I simply asked a question. I never stated any opinions about the riots. You assumed my viewpoint and my opinions for me. I asked your opinion and you very clearly and respectfully offered it. However, instead of asking my opinion, you assumed it and accused me of “trolling”.

        I’m sorry if my intentions were not clear. I will continue to seek a better understanding of the viewpoints of people that don’t look, think, or believe like I do. Sadly, some days that’s much harder that in should be.

        If you’re interested in actually learning who I am and what I think, you have my email address, feel free to use it.

        I truly hope you have a great day.

        Sincerely,
        Not a Troll (just a guy trying to grow beyond myself)

      2. Matthew says:

        Conrad:

        As a guy that, like Matt Norman, is trying to is trying to foster a better understanding, to question my motives and preconceptions, and to keep the gospel at the center of my opinions, I found your second two paragraphs very helpful. Thank you. They had an effect on the way I see these issues.

        But please understand that, by accusing someone of trolling when they humbly put themselves out there and asked a question without being disrespectful, you make people afraid to have this conversation that it is important for us to have. I think it is counterproductive.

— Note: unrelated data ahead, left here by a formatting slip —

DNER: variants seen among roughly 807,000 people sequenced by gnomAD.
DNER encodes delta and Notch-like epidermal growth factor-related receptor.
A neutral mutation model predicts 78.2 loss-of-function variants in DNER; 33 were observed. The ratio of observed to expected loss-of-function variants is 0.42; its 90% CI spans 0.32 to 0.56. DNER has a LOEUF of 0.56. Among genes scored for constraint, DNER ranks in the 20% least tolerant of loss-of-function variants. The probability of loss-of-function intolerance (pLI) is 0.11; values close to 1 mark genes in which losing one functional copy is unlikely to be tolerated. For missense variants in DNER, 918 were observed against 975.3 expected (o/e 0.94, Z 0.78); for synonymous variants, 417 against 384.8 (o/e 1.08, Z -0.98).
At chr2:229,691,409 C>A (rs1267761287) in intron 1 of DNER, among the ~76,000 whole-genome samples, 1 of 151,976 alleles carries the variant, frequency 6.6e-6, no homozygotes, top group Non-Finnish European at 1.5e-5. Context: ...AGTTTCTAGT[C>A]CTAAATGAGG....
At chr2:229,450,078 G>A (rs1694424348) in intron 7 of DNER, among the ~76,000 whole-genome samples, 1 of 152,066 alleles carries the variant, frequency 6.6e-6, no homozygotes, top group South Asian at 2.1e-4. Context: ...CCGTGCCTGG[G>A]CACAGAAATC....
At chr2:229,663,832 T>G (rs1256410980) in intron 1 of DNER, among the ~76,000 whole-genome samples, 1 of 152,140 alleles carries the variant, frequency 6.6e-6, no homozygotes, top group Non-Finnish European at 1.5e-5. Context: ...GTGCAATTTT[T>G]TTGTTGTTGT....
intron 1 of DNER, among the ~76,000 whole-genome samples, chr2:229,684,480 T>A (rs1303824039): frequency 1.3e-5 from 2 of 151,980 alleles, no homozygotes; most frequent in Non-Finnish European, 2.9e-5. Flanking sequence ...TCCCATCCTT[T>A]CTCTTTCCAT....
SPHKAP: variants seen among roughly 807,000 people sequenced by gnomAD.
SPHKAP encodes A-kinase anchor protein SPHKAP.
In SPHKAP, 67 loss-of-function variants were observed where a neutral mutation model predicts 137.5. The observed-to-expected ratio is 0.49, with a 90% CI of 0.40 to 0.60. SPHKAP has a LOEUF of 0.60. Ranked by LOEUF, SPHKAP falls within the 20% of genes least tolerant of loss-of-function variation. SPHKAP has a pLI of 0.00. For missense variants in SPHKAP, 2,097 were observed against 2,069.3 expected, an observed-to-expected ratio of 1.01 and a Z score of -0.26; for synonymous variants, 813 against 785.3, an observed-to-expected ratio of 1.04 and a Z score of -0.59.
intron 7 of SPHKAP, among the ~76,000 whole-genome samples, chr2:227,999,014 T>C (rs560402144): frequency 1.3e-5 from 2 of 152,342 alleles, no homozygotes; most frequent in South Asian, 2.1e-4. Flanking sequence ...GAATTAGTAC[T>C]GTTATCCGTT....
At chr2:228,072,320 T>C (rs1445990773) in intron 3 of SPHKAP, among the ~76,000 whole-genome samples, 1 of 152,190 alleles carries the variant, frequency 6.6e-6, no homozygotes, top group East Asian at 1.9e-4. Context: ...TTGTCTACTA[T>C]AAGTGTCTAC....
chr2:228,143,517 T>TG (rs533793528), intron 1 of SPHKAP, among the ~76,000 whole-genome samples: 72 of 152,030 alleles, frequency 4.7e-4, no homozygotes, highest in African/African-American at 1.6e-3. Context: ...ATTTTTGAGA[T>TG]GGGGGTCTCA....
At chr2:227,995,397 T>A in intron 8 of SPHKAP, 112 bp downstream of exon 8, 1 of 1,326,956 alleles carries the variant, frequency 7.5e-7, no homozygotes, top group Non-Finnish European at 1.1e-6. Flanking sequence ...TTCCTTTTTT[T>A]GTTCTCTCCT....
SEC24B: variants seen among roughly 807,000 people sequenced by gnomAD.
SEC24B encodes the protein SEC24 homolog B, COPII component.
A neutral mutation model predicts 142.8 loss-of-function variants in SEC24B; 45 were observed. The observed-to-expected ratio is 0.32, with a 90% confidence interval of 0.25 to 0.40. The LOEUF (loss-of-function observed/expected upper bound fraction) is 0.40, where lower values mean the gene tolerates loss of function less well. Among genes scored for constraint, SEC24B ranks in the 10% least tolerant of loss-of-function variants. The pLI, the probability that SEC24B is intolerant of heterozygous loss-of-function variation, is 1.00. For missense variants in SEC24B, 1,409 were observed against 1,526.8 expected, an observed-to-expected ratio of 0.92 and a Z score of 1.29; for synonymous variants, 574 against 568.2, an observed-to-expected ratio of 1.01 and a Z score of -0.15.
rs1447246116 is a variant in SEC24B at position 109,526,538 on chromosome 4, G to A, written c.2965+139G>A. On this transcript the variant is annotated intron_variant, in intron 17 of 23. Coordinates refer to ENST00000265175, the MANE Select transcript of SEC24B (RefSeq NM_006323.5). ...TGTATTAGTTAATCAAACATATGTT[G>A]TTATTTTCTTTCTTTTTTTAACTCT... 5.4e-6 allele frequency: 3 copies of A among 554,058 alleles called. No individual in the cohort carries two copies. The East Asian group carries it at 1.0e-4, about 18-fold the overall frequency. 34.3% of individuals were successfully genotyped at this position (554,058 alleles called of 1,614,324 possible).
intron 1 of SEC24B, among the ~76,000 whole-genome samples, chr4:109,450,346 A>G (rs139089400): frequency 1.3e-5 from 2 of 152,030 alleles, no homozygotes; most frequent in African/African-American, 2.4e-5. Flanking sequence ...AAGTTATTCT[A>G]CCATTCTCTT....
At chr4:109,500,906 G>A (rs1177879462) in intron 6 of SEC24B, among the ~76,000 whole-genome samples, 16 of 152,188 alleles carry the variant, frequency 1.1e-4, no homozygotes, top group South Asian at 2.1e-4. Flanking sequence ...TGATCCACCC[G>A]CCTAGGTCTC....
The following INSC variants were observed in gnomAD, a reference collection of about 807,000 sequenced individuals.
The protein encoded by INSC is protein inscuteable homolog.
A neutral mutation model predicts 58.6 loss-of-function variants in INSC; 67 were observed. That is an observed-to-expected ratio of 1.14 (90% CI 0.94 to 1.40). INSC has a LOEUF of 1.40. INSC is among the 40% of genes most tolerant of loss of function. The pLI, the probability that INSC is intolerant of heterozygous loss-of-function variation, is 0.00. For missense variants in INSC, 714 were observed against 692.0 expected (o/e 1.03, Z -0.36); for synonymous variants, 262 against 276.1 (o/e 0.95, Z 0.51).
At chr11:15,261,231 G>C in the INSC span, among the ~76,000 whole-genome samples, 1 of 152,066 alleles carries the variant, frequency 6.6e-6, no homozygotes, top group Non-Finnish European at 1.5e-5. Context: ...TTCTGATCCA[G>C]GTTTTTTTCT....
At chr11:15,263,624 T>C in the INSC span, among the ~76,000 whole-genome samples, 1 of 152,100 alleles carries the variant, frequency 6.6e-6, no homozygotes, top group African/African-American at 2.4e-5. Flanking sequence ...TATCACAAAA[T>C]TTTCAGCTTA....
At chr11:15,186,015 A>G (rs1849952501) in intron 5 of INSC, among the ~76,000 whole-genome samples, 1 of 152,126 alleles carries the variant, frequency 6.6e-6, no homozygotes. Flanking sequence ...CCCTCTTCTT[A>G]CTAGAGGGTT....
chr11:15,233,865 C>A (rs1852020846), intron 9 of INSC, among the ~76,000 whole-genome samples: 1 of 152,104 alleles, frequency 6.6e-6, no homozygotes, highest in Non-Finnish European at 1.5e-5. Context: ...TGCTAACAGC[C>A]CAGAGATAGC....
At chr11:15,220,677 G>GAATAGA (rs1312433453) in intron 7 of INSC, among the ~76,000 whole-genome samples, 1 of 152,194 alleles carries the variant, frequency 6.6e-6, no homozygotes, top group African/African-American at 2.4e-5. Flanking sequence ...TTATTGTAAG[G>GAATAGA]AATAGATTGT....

9. J.R. Miller says:

    Some excellent points we must all take to heart. One question though for the sake of clarity on the use of the term nationalism.

    In point #1 you string together a series of 3 epithets, ” racist, nationalistic, xenophobic.” Racism and xenophobia are unequivocally sinful with no redeeming value for society. But why is nationalism in there? Although generally, I despise the use of Wikipedia, their definition starts off, “Nationalism is a range of political, social, and economic systems characterised by promoting the interests of a particular nation, particularly with the aim of gaining and maintaining self-governance, or full sovereignty, over the group’s homeland.”

    So given this broad definition of this political term, we know that people like William Wallace, Ghandi, and Nelson Mandella were nationalists.

    Those that ground their nationalism in bigotry (e.g. David Duke and Louis Farrakhan) are clearly racists, but nationalism is not the core problem… it is their racism.

    So I am curious to understand why you decided to mix in a term like nationalism (which has at times in history been used to free people from oppression) with other terms like racism that are completely evil? To make your overall point (which is laudable), is the risk of confusing readers unfamiliar with the larger history to broad-brush other historical figures with such a negative association?

    Curious for your thoughts and thanks for your time.

  10. George Canady says:

    Praying for you many times over the last few weeks. Please be encouraged and strengthened by our Lord as we continue to long for and pursue the purity of the church through the helpful and needed rebuke of this historic ethnic church sin. Please be Patient and forgive those pastors who refuse to obey Gods command to speak out against it. Please keep talking about it until they repent, and they will repent now or on the day of Jesus. May we all examine our motives in these things. Praying for us now.